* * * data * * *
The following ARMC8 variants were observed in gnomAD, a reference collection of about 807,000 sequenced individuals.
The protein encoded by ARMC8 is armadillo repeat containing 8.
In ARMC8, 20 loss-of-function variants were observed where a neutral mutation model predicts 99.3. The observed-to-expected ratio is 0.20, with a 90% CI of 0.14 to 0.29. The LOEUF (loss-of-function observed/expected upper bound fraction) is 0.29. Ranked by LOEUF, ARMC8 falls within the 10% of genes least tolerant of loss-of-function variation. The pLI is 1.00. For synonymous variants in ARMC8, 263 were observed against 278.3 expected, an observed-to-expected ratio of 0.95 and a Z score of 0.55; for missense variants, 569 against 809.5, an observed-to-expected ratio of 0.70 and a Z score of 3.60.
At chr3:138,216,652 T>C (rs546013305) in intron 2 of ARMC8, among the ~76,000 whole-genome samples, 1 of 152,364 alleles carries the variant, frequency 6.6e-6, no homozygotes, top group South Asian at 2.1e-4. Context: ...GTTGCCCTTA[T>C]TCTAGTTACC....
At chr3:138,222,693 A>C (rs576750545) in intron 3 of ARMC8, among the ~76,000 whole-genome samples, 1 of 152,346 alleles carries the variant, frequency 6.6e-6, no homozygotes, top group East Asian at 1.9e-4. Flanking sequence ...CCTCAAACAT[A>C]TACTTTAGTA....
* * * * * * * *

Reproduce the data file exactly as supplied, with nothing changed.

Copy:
The following ARMC8 variants were observed in gnomAD, a reference collection of about 807,000 sequenced individuals.
The protein encoded by ARMC8 is armadillo repeat containing 8.
In ARMC8, 20 loss-of-function variants were observed where a neutral mutation model predicts 99.3. The observed-to-expected ratio is 0.20, with a 90% CI of 0.14 to 0.29. The LOEUF (loss-of-function observed/expected upper bound fraction) is 0.29. Ranked by LOEUF, ARMC8 falls within the 10% of genes least tolerant of loss-of-function variation. The pLI is 1.00. For synonymous variants in ARMC8, 263 were observed against 278.3 expected, an observed-to-expected ratio of 0.95 and a Z score of 0.55; for missense variants, 569 against 809.5, an observed-to-expected ratio of 0.70 and a Z score of 3.60.
At chr3:138,216,652 T>C (rs546013305) in intron 2 of ARMC8, among the ~76,000 whole-genome samples, 1 of 152,364 alleles carries the variant, frequency 6.6e-6, no homozygotes, top group South Asian at 2.1e-4. Context: ...GTTGCCCTTA[T>C]TCTAGTTACC....
At chr3:138,222,693 A>C (rs576750545) in intron 3 of ARMC8, among the ~76,000 whole-genome samples, 1 of 152,346 alleles carries the variant, frequency 6.6e-6, no homozygotes, top group East Asian at 1.9e-4. Flanking sequence ...CCTCAAACAT[A>C]TACTTTAGTA....